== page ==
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Monday, 23 February 1987
Page: 430

Senator POWELL(3.45) —The matter of public importance before us today is:

The failure of the Labor Government to take the necessary action to stop the decline in living standards of Australian families.

This failure is supported by ample evidence. The living standards of average Australians, and particularly of families on average incomes or below, are certainly falling. The Prime Minister (Mr Hawke), the Treasurer (Mr Keating), and leading business persons all agree that our living standards will fall further. I might add that, at the same time, the living standards of speculators, takeover merchants and foreign investors, who can take advantage of Australia's economic miseries, are rising. The wealthy are getting wealthier, middle income families are being squeezed, and those dependent on social security payments for their income are, by and large, living in poverty.

Evidence of the loss of net disposable income by families is, as I said, readily available, and one figure demonstrates that: Between 1975 and 1985 the amount of income tax imposed on a family with four children, living on average weekly earnings, has increased by 435 per cent, while wages have increased by only 135 per cent. The tax system has changed to the point where individuals are favoured over families. For families dependent upon government support the picture is also grim. Let us consider the case of a typical single mother, with two dependent children, whose only income is a supporting parent benefit and the family allowance. She is divorced, as are 80 per cent of single mothers, and receives no financial assistance from the father of the children. If she did, she would not be typical, since 70 per cent of maintenance orders are not complied with. Her total income, which comprises the supporting parent benefit of $106.20 a week, the mother's or guardian's allowance of $12 a week, the children's entitlement, twice over, of $34 a week, plus the family allowance, comes to $164.97 a week. The Melbourne University's Department of Economic Research states that the poverty line for one adult not working, with two children, is $211.70 per week. Therefore, that family's income is $46.73 below the poverty line. The `Social Security Review' has recently drawn attention to the fact that Australia's rate of cash transfer to families and its rate of tax rebates or deductions were the third lowest of the 18 Organisation for Economic Co-operation and Development countries listed. The `Social Security Review' stated:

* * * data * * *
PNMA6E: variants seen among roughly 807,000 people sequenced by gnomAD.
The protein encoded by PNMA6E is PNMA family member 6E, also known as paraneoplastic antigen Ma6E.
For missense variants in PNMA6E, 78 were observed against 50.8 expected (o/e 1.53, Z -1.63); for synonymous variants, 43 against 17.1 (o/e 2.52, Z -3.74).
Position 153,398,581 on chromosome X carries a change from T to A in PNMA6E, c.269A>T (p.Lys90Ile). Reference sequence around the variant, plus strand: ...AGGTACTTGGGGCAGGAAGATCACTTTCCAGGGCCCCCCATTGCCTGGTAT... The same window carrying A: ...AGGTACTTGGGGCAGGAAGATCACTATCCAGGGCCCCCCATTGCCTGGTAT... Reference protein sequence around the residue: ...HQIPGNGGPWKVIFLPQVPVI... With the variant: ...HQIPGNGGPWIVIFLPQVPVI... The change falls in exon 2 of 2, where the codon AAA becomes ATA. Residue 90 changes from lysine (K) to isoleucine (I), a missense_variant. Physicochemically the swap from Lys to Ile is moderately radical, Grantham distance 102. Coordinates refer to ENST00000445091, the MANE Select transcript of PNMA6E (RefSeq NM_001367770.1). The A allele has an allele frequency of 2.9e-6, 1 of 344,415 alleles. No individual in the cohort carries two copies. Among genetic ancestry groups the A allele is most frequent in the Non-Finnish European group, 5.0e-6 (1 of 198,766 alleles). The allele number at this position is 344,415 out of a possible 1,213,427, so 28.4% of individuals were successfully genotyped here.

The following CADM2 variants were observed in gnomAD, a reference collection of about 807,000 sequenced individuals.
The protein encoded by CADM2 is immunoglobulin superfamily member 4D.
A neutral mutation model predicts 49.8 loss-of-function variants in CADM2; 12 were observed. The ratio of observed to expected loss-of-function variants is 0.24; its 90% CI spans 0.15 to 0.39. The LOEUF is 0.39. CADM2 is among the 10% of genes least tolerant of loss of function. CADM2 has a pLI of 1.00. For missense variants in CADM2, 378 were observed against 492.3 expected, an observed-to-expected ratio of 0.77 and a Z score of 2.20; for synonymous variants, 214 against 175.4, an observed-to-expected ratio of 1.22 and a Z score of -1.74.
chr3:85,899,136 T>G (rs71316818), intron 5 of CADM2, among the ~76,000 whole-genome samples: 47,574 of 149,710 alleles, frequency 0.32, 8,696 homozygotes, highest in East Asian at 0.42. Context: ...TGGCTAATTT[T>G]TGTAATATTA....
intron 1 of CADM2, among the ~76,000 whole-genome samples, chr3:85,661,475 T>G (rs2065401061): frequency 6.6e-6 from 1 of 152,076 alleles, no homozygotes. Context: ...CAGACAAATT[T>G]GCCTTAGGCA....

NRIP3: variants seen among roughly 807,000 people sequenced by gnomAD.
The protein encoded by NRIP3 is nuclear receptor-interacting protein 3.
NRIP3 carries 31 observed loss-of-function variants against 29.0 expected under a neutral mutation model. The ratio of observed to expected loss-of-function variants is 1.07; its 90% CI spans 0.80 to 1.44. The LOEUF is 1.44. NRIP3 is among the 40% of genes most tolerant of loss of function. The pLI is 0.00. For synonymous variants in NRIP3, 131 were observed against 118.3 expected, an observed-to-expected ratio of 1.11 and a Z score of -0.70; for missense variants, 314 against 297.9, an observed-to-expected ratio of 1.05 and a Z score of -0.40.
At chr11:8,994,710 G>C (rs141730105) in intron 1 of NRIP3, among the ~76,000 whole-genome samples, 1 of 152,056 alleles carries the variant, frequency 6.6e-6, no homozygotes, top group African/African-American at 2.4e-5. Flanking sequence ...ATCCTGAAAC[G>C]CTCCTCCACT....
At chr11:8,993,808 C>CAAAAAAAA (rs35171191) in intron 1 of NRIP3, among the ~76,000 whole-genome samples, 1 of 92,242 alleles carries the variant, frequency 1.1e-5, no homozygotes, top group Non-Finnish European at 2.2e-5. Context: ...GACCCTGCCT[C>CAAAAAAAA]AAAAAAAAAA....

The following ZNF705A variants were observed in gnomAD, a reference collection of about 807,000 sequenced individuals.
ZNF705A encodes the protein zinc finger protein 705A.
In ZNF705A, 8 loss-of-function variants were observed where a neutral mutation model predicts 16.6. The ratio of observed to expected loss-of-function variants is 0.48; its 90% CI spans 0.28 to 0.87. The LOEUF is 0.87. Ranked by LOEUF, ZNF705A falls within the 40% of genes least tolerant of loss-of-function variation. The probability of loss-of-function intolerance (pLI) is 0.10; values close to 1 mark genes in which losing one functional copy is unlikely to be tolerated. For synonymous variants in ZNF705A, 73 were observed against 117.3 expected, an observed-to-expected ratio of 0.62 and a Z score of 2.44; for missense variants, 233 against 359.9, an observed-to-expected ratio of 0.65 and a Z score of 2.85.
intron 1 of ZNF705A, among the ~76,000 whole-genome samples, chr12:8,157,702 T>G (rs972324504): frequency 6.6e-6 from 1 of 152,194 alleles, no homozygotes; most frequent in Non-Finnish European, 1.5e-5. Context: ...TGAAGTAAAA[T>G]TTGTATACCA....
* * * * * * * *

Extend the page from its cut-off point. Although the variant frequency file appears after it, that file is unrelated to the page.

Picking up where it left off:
This is a reasonable argument in favour of immediate increases in cash transfers and tax rebates or deductions to families with children.